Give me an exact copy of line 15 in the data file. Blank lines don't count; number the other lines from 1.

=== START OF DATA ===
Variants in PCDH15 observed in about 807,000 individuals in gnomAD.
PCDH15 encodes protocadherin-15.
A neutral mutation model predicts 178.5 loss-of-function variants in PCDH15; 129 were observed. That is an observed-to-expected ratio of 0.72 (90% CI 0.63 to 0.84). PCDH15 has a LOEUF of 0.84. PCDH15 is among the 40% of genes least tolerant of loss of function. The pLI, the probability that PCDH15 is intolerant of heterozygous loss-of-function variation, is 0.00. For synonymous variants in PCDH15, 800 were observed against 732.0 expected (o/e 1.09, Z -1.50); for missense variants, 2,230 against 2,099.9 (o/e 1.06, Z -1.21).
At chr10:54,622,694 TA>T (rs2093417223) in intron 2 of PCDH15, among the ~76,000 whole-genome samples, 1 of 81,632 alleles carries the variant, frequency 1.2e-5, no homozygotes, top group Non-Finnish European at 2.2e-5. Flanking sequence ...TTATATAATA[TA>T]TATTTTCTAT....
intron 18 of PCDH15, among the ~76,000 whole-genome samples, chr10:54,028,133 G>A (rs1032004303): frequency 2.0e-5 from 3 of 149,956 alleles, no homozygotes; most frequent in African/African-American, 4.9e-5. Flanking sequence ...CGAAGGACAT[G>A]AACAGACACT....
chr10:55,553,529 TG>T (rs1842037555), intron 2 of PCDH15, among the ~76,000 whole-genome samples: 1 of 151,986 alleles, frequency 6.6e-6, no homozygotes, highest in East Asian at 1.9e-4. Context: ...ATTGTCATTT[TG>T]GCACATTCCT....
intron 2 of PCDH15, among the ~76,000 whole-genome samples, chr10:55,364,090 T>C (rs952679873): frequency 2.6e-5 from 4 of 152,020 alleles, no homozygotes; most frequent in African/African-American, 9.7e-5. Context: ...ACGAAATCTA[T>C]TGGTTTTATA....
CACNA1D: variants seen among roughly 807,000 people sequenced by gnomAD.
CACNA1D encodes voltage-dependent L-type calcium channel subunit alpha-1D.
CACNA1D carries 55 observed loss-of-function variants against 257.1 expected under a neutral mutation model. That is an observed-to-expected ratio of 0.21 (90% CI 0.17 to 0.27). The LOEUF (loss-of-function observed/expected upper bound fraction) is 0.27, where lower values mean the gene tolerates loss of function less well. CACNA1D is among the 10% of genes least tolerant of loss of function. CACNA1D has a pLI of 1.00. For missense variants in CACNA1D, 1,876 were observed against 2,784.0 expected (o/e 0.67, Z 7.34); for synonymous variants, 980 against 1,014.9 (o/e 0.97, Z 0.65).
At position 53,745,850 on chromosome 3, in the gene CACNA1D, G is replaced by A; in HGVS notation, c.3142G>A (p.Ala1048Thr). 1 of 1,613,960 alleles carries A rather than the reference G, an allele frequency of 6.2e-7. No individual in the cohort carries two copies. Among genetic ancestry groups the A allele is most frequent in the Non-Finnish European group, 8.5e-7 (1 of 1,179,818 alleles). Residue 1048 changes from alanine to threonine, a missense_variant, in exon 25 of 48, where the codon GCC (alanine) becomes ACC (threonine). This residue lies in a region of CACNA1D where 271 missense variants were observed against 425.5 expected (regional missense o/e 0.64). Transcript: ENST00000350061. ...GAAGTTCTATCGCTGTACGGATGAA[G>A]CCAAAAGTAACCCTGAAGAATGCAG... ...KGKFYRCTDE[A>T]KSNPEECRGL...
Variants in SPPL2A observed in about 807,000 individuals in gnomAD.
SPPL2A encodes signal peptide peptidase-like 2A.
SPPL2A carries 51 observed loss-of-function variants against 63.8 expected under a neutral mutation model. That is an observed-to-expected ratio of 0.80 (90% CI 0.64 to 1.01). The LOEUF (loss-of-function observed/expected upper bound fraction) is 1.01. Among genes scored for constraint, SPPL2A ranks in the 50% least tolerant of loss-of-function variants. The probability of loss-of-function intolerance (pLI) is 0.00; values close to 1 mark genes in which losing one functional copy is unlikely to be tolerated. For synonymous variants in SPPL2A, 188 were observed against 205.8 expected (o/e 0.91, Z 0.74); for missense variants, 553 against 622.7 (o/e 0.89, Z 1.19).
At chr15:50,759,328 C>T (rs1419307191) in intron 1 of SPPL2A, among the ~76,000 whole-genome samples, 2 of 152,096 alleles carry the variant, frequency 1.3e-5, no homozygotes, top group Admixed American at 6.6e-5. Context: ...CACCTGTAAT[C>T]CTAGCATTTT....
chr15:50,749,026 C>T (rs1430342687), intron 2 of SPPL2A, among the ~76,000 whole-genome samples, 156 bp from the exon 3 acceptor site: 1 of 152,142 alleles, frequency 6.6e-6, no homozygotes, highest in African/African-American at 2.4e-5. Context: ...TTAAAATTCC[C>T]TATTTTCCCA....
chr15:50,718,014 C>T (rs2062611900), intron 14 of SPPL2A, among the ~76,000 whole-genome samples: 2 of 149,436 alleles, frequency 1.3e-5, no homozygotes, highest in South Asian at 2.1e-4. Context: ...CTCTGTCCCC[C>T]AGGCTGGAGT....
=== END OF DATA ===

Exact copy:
At chr15:50,759,328 C>T (rs1419307191) in intron 1 of SPPL2A, among the ~76,000 whole-genome samples, 2 of 152,096 alleles carry the variant, frequency 1.3e-5, no homozygotes, top group Admixed American at 6.6e-5. Context: ...CACCTGTAAT[C>T]CTAGCATTTT....